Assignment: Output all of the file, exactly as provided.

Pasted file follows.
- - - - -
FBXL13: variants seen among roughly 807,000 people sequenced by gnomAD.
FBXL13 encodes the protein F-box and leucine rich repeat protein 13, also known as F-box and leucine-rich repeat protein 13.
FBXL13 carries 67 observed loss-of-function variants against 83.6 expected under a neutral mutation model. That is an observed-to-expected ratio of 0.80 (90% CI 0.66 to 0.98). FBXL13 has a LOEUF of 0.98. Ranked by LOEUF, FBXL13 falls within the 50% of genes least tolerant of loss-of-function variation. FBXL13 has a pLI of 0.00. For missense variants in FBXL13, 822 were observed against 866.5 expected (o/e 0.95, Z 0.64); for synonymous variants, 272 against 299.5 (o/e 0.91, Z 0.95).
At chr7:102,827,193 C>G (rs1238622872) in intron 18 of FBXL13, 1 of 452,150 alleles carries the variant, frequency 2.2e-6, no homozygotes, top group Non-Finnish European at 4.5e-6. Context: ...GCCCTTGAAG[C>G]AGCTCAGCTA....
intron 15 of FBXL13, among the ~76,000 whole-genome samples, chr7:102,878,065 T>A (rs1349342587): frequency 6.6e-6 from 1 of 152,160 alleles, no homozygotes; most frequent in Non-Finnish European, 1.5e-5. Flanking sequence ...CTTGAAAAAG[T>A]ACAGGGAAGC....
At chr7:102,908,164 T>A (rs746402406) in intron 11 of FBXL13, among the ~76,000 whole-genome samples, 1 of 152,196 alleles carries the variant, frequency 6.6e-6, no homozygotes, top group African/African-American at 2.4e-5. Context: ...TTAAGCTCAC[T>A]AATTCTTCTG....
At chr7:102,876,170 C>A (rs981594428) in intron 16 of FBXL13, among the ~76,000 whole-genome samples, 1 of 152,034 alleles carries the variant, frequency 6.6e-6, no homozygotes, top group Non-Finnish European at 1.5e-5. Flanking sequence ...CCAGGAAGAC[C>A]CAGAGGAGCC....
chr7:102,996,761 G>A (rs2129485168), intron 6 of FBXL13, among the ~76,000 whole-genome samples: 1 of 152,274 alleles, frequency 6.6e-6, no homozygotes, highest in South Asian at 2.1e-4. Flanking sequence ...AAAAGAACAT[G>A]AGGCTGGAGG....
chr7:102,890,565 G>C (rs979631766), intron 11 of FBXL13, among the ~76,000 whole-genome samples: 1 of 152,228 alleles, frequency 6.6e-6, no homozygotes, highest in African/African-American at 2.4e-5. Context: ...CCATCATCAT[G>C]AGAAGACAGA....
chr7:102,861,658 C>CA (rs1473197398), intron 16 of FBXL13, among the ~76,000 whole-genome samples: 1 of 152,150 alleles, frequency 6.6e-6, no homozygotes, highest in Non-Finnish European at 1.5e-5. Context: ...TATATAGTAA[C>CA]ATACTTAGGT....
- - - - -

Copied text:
FBXL13: variants seen among roughly 807,000 people sequenced by gnomAD.
FBXL13 encodes the protein F-box and leucine rich repeat protein 13, also known as F-box and leucine-rich repeat protein 13.
FBXL13 carries 67 observed loss-of-function variants against 83.6 expected under a neutral mutation model. That is an observed-to-expected ratio of 0.80 (90% CI 0.66 to 0.98). FBXL13 has a LOEUF of 0.98. Ranked by LOEUF, FBXL13 falls within the 50% of genes least tolerant of loss-of-function variation. FBXL13 has a pLI of 0.00. For missense variants in FBXL13, 822 were observed against 866.5 expected (o/e 0.95, Z 0.64); for synonymous variants, 272 against 299.5 (o/e 0.91, Z 0.95).
At chr7:102,827,193 C>G (rs1238622872) in intron 18 of FBXL13, 1 of 452,150 alleles carries the variant, frequency 2.2e-6, no homozygotes, top group Non-Finnish European at 4.5e-6. Context: ...GCCCTTGAAG[C>G]AGCTCAGCTA....
intron 15 of FBXL13, among the ~76,000 whole-genome samples, chr7:102,878,065 T>A (rs1349342587): frequency 6.6e-6 from 1 of 152,160 alleles, no homozygotes; most frequent in Non-Finnish European, 1.5e-5. Flanking sequence ...CTTGAAAAAG[T>A]ACAGGGAAGC....
At chr7:102,908,164 T>A (rs746402406) in intron 11 of FBXL13, among the ~76,000 whole-genome samples, 1 of 152,196 alleles carries the variant, frequency 6.6e-6, no homozygotes, top group African/African-American at 2.4e-5. Context: ...TTAAGCTCAC[T>A]AATTCTTCTG....
At chr7:102,876,170 C>A (rs981594428) in intron 16 of FBXL13, among the ~76,000 whole-genome samples, 1 of 152,034 alleles carries the variant, frequency 6.6e-6, no homozygotes, top group Non-Finnish European at 1.5e-5. Flanking sequence ...CCAGGAAGAC[C>A]CAGAGGAGCC....
chr7:102,996,761 G>A (rs2129485168), intron 6 of FBXL13, among the ~76,000 whole-genome samples: 1 of 152,274 alleles, frequency 6.6e-6, no homozygotes, highest in South Asian at 2.1e-4. Flanking sequence ...AAAAGAACAT[G>A]AGGCTGGAGG....
chr7:102,890,565 G>C (rs979631766), intron 11 of FBXL13, among the ~76,000 whole-genome samples: 1 of 152,228 alleles, frequency 6.6e-6, no homozygotes, highest in African/African-American at 2.4e-5. Context: ...CCATCATCAT[G>C]AGAAGACAGA....
chr7:102,861,658 C>CA (rs1473197398), intron 16 of FBXL13, among the ~76,000 whole-genome samples: 1 of 152,150 alleles, frequency 6.6e-6, no homozygotes, highest in Non-Finnish European at 1.5e-5. Context: ...TATATAGTAA[C>CA]ATACTTAGGT....